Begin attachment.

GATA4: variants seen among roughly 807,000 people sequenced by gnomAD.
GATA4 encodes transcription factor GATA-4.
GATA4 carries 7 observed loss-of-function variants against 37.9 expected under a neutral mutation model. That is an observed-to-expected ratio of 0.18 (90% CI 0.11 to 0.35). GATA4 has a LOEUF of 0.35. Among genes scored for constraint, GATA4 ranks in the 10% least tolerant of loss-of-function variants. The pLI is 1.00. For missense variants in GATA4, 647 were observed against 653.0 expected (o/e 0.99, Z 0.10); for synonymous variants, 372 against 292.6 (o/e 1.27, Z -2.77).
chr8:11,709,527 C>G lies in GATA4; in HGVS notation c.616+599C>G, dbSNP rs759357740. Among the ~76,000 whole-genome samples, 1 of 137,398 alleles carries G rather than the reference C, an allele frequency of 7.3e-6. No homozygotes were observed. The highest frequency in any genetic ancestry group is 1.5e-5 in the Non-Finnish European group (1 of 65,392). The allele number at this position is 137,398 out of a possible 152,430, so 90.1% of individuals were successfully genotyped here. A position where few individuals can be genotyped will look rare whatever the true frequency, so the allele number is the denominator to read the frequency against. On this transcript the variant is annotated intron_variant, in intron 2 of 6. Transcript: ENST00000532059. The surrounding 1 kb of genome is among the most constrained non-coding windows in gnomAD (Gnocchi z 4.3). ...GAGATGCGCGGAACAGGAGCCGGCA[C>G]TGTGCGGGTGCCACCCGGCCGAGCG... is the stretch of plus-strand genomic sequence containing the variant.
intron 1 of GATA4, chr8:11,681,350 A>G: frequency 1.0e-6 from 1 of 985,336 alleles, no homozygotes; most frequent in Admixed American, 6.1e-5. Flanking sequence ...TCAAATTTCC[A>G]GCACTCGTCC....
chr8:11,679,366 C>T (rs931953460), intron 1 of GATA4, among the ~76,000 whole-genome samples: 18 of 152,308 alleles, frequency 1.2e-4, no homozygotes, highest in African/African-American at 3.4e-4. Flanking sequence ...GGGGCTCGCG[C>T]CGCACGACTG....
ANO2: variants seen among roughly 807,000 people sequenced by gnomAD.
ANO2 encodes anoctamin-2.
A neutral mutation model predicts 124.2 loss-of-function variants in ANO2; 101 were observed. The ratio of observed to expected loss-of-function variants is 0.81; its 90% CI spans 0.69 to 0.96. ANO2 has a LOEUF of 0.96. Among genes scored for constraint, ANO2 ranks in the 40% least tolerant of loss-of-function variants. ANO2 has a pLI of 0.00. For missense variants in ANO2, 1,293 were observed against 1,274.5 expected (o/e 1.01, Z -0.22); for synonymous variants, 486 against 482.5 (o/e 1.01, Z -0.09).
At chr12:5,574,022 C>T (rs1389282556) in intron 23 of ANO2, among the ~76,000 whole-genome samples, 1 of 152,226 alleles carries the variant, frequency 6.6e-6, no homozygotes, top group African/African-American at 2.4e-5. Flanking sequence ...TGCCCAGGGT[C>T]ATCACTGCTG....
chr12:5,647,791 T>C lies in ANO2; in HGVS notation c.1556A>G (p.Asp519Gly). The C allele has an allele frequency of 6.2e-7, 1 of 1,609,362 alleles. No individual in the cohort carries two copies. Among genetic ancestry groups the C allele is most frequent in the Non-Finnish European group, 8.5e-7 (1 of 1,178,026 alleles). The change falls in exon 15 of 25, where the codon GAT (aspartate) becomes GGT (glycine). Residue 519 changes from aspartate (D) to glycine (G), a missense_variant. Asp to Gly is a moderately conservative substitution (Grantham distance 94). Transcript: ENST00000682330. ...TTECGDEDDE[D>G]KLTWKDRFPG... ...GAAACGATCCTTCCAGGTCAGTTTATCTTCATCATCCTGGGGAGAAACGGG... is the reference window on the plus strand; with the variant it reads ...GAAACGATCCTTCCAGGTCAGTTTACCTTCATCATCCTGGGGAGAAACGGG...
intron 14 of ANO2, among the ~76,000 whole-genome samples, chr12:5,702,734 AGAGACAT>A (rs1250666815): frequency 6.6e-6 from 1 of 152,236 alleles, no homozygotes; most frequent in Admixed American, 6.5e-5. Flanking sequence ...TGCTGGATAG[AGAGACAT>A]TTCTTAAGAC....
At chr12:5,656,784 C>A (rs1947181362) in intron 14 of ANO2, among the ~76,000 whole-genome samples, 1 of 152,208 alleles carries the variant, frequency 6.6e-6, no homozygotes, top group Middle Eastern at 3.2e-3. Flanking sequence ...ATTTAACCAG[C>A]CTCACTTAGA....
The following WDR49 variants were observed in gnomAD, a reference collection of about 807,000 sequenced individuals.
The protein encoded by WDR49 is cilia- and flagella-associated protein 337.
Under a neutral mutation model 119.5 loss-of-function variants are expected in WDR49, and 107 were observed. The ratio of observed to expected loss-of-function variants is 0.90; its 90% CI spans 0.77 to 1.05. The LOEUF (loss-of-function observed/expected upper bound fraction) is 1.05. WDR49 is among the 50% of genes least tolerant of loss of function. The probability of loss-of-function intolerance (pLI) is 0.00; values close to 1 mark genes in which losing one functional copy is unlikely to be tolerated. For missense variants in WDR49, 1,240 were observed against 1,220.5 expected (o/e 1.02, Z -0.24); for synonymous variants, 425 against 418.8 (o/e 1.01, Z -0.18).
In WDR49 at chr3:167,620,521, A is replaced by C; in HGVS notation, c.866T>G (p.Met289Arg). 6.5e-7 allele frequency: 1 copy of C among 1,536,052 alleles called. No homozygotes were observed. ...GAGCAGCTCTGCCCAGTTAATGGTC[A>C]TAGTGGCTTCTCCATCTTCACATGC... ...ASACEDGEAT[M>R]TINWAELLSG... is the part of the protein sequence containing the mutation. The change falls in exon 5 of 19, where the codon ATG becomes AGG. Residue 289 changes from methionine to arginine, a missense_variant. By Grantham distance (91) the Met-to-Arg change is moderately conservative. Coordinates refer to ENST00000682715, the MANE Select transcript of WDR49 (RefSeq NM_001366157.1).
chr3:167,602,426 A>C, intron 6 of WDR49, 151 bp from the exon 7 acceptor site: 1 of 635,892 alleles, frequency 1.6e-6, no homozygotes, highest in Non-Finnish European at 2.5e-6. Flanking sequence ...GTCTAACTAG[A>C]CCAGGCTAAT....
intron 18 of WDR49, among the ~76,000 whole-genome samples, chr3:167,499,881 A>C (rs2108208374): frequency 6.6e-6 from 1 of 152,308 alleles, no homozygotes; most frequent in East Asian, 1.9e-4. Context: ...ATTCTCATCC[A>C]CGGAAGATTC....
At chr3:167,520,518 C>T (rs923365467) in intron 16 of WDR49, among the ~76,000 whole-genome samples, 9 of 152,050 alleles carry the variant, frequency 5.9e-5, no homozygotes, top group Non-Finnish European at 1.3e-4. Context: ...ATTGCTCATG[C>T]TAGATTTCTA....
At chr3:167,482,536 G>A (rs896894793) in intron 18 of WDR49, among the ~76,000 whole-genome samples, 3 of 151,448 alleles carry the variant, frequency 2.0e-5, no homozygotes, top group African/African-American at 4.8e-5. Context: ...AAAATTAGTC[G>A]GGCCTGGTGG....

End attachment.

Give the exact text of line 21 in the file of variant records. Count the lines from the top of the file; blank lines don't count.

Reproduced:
At chr3:167,482,536 G>A (rs896894793) in intron 18 of WDR49, among the ~76,000 whole-genome samples, 3 of 151,448 alleles carry the variant, frequency 2.0e-5, no homozygotes, top group African/African-American at 4.8e-5. Context: ...AAAATTAGTC[G>A]GGCCTGGTGG....